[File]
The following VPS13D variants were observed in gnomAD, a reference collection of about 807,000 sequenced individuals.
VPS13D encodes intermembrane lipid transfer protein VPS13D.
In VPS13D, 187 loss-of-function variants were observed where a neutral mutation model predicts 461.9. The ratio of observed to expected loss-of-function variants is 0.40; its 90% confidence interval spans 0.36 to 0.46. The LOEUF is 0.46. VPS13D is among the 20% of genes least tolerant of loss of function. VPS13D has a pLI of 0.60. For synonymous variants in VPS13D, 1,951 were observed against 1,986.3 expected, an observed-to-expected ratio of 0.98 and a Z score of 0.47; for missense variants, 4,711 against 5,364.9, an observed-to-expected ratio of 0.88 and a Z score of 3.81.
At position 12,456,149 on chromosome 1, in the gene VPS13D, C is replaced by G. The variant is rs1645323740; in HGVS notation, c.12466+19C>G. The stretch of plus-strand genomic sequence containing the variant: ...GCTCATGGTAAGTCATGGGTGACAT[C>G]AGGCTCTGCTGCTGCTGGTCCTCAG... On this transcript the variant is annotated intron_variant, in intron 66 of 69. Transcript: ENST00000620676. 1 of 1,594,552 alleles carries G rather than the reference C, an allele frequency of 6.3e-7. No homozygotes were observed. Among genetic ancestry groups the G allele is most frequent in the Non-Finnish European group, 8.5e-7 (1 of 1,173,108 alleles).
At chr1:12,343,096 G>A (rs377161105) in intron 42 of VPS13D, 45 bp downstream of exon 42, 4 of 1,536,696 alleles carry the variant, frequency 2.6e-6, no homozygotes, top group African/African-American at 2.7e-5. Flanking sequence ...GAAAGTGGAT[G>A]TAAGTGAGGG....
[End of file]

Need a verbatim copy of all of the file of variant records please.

The following VPS13D variants were observed in gnomAD, a reference collection of about 807,000 sequenced individuals.
VPS13D encodes intermembrane lipid transfer protein VPS13D.
In VPS13D, 187 loss-of-function variants were observed where a neutral mutation model predicts 461.9. The ratio of observed to expected loss-of-function variants is 0.40; its 90% confidence interval spans 0.36 to 0.46. The LOEUF is 0.46. VPS13D is among the 20% of genes least tolerant of loss of function. VPS13D has a pLI of 0.60. For synonymous variants in VPS13D, 1,951 were observed against 1,986.3 expected, an observed-to-expected ratio of 0.98 and a Z score of 0.47; for missense variants, 4,711 against 5,364.9, an observed-to-expected ratio of 0.88 and a Z score of 3.81.
At position 12,456,149 on chromosome 1, in the gene VPS13D, C is replaced by G. The variant is rs1645323740; in HGVS notation, c.12466+19C>G. The stretch of plus-strand genomic sequence containing the variant: ...GCTCATGGTAAGTCATGGGTGACAT[C>G]AGGCTCTGCTGCTGCTGGTCCTCAG... On this transcript the variant is annotated intron_variant, in intron 66 of 69. Transcript: ENST00000620676. 1 of 1,594,552 alleles carries G rather than the reference C, an allele frequency of 6.3e-7. No homozygotes were observed. Among genetic ancestry groups the G allele is most frequent in the Non-Finnish European group, 8.5e-7 (1 of 1,173,108 alleles).
At chr1:12,343,096 G>A (rs377161105) in intron 42 of VPS13D, 45 bp downstream of exon 42, 4 of 1,536,696 alleles carry the variant, frequency 2.6e-6, no homozygotes, top group African/African-American at 2.7e-5. Flanking sequence ...GAAAGTGGAT[G>A]TAAGTGAGGG....